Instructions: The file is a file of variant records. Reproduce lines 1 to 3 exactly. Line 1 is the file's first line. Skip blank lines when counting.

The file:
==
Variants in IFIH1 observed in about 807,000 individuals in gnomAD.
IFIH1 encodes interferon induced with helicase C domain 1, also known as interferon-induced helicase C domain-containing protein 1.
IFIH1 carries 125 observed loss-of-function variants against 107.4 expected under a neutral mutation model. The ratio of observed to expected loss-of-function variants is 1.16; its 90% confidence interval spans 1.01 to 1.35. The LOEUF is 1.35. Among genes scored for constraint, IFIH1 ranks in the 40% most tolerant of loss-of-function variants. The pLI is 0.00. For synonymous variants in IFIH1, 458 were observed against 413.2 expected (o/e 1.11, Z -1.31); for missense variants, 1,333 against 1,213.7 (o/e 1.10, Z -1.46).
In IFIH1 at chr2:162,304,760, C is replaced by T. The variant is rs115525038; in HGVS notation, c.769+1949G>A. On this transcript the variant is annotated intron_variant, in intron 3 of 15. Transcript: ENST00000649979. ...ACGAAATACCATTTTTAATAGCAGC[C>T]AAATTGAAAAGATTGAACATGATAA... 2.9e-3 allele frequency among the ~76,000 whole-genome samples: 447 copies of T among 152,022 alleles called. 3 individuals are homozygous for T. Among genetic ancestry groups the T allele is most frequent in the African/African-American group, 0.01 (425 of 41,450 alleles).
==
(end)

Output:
Variants in IFIH1 observed in about 807,000 individuals in gnomAD.
IFIH1 encodes interferon induced with helicase C domain 1, also known as interferon-induced helicase C domain-containing protein 1.
IFIH1 carries 125 observed loss-of-function variants against 107.4 expected under a neutral mutation model. The ratio of observed to expected loss-of-function variants is 1.16; its 90% confidence interval spans 1.01 to 1.35. The LOEUF is 1.35. Among genes scored for constraint, IFIH1 ranks in the 40% most tolerant of loss-of-function variants. The pLI is 0.00. For synonymous variants in IFIH1, 458 were observed against 413.2 expected (o/e 1.11, Z -1.31); for missense variants, 1,333 against 1,213.7 (o/e 1.10, Z -1.46).